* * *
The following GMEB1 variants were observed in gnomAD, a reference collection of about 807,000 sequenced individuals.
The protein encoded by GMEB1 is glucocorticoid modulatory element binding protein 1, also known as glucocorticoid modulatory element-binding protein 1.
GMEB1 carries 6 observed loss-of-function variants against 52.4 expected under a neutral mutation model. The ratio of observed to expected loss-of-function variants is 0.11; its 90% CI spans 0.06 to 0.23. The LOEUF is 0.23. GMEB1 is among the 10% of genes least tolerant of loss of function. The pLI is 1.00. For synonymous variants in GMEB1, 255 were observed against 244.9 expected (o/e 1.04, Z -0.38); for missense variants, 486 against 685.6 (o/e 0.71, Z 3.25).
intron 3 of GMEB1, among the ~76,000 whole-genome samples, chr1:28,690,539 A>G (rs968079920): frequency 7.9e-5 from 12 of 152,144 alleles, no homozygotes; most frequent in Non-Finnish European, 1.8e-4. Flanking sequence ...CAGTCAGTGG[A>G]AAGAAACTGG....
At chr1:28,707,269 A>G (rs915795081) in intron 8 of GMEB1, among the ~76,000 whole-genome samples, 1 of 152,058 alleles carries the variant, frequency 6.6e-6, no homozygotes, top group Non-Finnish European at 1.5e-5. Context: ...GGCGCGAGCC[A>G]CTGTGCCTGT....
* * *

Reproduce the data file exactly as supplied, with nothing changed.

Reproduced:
The following GMEB1 variants were observed in gnomAD, a reference collection of about 807,000 sequenced individuals.
The protein encoded by GMEB1 is glucocorticoid modulatory element binding protein 1, also known as glucocorticoid modulatory element-binding protein 1.
GMEB1 carries 6 observed loss-of-function variants against 52.4 expected under a neutral mutation model. The ratio of observed to expected loss-of-function variants is 0.11; its 90% CI spans 0.06 to 0.23. The LOEUF is 0.23. GMEB1 is among the 10% of genes least tolerant of loss of function. The pLI is 1.00. For synonymous variants in GMEB1, 255 were observed against 244.9 expected (o/e 1.04, Z -0.38); for missense variants, 486 against 685.6 (o/e 0.71, Z 3.25).
intron 3 of GMEB1, among the ~76,000 whole-genome samples, chr1:28,690,539 A>G (rs968079920): frequency 7.9e-5 from 12 of 152,144 alleles, no homozygotes; most frequent in Non-Finnish European, 1.8e-4. Flanking sequence ...CAGTCAGTGG[A>G]AAGAAACTGG....
At chr1:28,707,269 A>G (rs915795081) in intron 8 of GMEB1, among the ~76,000 whole-genome samples, 1 of 152,058 alleles carries the variant, frequency 6.6e-6, no homozygotes, top group Non-Finnish European at 1.5e-5. Context: ...GGCGCGAGCC[A>G]CTGTGCCTGT....